Posted on February 9, 2016
For years, beer dominated the alcoholic beverage market in the United States, representing 56% of total market revenues in 1999. By 2014, however, that number had fallen to 47.8%, while distilled spirits, including whiskey, rum, vodka, and tequila, quickly moved up the ranks to capture an ever-growing proportion of revenues.1 This remarkable growth in revenue from the distilled spirits category is spurred largely by surging interest in high-end liquors, which account for 36.3% of total liquor volume and 32.8% of total liquor supplier gross revenues. Premium and super premium spirits are now the fastest growing alcoholic beverages in the United States, as consumers become more knowledgeable and discerning regarding their alcohol choices. Super-premium tequila volumes, for examples, have shot up an astounding 568% since 2002 while super-premium bourbon sales have tripled in the past decade.2
As noted in the Global Whiskey Market 2014-2018 report, consumers consider these high-end liquors “as an affordable luxury, which is driving manufacturers to launch more premium and super-premium offers to meet demand.”3 Even mainstream producers who have historically traded on affordability are now introducing higher end products to participate in the sea change. To compete within the premium market and meet the expectations of today’s sophisticated consumers, liquor producers are increasingly turning to spectrophotometric technologies to optimize quality and appeal.
The Critical Role of Color
As consumer interest in premium spirits has grown, so too has consumers’ ability to evaluate product quality based on limited sensory information. One of the most important factors shaping consumer perception is the visual appearance of liquors, the primary focus of which is color. For some spirits, such as vodka, the key to a satisfying aesthetic is perfect colorlessness, suggesting purity and refinement while allowing these products to be added to mixers without creating unwanted color change. In fact, according to the Code of Federal Regulations, a lack of distinctive color is one of the defining features of vodka.4
Other liquors are prized for their color, such as golden glow of matured tequilas and the rich amber tones imparted by barrel aging of whiskeys and rums. In these spirits, color is so vital that some manufacturers add caramel coloring to enhance appearance, suggesting greater quality, particular flavors, and increasing desirability. Meanwhile, both artisanal and mainstream distillers are introducing unexpected and unique liquor colors, such as white and bright yellow whiskeys, designed to capitalize on the surge of interest in high end liquors, appeal to consumers looking for novel products, and enable the creation of new mixed drinks at a time when cocktail culture is rapidly expanding.5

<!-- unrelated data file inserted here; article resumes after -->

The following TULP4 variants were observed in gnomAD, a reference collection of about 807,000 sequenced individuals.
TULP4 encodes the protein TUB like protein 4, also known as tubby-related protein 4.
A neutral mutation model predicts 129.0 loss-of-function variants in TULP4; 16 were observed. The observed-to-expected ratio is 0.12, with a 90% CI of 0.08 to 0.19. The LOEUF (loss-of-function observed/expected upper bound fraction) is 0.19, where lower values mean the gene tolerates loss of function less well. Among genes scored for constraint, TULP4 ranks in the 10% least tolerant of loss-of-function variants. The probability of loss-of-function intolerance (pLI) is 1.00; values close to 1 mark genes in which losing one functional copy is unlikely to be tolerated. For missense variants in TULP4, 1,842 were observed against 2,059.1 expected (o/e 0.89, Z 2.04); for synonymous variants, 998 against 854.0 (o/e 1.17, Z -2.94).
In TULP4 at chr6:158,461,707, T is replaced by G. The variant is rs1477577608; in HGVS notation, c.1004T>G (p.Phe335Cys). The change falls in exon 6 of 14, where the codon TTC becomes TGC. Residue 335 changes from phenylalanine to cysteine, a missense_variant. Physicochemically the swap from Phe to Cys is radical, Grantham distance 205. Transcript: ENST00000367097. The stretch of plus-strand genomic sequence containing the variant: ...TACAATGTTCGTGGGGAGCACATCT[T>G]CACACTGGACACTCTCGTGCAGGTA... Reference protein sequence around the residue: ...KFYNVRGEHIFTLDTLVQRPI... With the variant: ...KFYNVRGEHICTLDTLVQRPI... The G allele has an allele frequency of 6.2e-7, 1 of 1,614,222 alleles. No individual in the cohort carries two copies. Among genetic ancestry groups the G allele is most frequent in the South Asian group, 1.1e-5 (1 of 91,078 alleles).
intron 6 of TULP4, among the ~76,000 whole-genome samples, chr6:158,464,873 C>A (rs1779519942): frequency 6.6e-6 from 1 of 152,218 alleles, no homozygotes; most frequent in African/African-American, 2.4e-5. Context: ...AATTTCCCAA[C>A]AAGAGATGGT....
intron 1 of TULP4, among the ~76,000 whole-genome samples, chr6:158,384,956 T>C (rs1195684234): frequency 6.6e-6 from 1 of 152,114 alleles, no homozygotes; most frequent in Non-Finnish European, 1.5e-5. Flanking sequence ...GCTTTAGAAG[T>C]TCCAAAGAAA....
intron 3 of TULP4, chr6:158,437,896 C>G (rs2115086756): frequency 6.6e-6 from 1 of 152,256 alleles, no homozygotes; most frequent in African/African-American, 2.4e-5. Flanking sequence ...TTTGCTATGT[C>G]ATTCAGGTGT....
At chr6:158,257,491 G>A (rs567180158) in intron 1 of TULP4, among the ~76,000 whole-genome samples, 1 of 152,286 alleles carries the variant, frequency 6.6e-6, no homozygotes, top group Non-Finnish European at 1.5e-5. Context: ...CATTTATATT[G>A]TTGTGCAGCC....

Spectrophotometric Color Monitoring of Liquors
Regardless of the specific color distillers seek to create, spectrophotometric analysis ensures adherence to your chosen color standards by monitoring liquor color and giving you the objective color quality data to accurately evaluate your product. Spectrophotometric color measurements can be made throughout the production process to obtain a complete picture of color development over the course of manufacturing, allowing you to easily correlate chromatic information with process variables. Modern software packages, such as HunterLab’s EasyMatch QC, give you the ability to store and analyze critical process information to faciliate assessment and refinement of production processes while also allowing you to use standard or customized color indexes to establish a cohesive color system. Whether color is derived naturally, from color additives, or a combination of both, today’s sophisticated colorimetric technologies give you the ability to consistently create the perfect hue.
The value of spectrophotometers doesn’t end with the manufacturing process; these instruments can also be used to evaluate the impact of post-production variables, such as bottling and transportation, to help you develop effective strategies for preserving the color of liquor. For example, researchers at liquor giant Bacardi found that bourbon stored in clear glass bottles lost 10% of its color when exposed to UV light for 15 days while “scotch lost nearly that much in the first 24 hours, dropping 40 percent of its color overall.”6In contrast to clear bottles, amber bottles resulted in significantly less color loss. Whether or not color affects taste is up for debate, but what is undeniable is that it profoundly affects quality perception, appeal, and, ultimately, the commercial success of premium distilled spirits.
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